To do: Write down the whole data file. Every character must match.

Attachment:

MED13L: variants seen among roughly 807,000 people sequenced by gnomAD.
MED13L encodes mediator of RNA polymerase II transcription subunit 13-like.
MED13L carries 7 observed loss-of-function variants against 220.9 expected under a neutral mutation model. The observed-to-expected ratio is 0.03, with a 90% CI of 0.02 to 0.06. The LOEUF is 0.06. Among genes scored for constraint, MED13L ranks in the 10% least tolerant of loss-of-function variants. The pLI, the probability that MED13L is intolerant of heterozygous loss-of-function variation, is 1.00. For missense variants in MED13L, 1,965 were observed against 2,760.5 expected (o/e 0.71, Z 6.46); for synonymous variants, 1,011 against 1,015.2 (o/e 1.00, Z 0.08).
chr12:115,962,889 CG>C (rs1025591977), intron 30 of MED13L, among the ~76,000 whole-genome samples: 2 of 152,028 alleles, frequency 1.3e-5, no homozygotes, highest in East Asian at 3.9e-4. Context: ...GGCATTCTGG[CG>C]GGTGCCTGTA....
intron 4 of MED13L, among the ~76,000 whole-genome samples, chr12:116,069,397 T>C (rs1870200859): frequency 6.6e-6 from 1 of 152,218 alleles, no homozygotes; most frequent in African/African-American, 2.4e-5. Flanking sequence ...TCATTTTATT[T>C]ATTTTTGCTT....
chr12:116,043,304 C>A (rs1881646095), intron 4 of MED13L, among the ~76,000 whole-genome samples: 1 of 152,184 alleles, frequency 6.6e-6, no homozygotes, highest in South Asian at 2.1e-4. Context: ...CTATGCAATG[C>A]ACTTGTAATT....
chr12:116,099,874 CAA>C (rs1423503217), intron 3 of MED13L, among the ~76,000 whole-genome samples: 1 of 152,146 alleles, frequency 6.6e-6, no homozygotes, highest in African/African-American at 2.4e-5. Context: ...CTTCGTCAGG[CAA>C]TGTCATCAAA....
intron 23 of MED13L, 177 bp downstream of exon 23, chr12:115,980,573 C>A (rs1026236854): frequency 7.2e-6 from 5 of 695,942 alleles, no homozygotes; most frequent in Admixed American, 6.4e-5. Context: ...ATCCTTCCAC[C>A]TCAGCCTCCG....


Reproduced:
MED13L: variants seen among roughly 807,000 people sequenced by gnomAD.
MED13L encodes mediator of RNA polymerase II transcription subunit 13-like.
MED13L carries 7 observed loss-of-function variants against 220.9 expected under a neutral mutation model. The observed-to-expected ratio is 0.03, with a 90% CI of 0.02 to 0.06. The LOEUF is 0.06. Among genes scored for constraint, MED13L ranks in the 10% least tolerant of loss-of-function variants. The pLI, the probability that MED13L is intolerant of heterozygous loss-of-function variation, is 1.00. For missense variants in MED13L, 1,965 were observed against 2,760.5 expected (o/e 0.71, Z 6.46); for synonymous variants, 1,011 against 1,015.2 (o/e 1.00, Z 0.08).
chr12:115,962,889 CG>C (rs1025591977), intron 30 of MED13L, among the ~76,000 whole-genome samples: 2 of 152,028 alleles, frequency 1.3e-5, no homozygotes, highest in East Asian at 3.9e-4. Context: ...GGCATTCTGG[CG>C]GGTGCCTGTA....
intron 4 of MED13L, among the ~76,000 whole-genome samples, chr12:116,069,397 T>C (rs1870200859): frequency 6.6e-6 from 1 of 152,218 alleles, no homozygotes; most frequent in African/African-American, 2.4e-5. Flanking sequence ...TCATTTTATT[T>C]ATTTTTGCTT....
chr12:116,043,304 C>A (rs1881646095), intron 4 of MED13L, among the ~76,000 whole-genome samples: 1 of 152,184 alleles, frequency 6.6e-6, no homozygotes, highest in South Asian at 2.1e-4. Context: ...CTATGCAATG[C>A]ACTTGTAATT....
chr12:116,099,874 CAA>C (rs1423503217), intron 3 of MED13L, among the ~76,000 whole-genome samples: 1 of 152,146 alleles, frequency 6.6e-6, no homozygotes, highest in African/African-American at 2.4e-5. Context: ...CTTCGTCAGG[CAA>C]TGTCATCAAA....
intron 23 of MED13L, 177 bp downstream of exon 23, chr12:115,980,573 C>A (rs1026236854): frequency 7.2e-6 from 5 of 695,942 alleles, no homozygotes; most frequent in Admixed American, 6.4e-5. Context: ...ATCCTTCCAC[C>A]TCAGCCTCCG....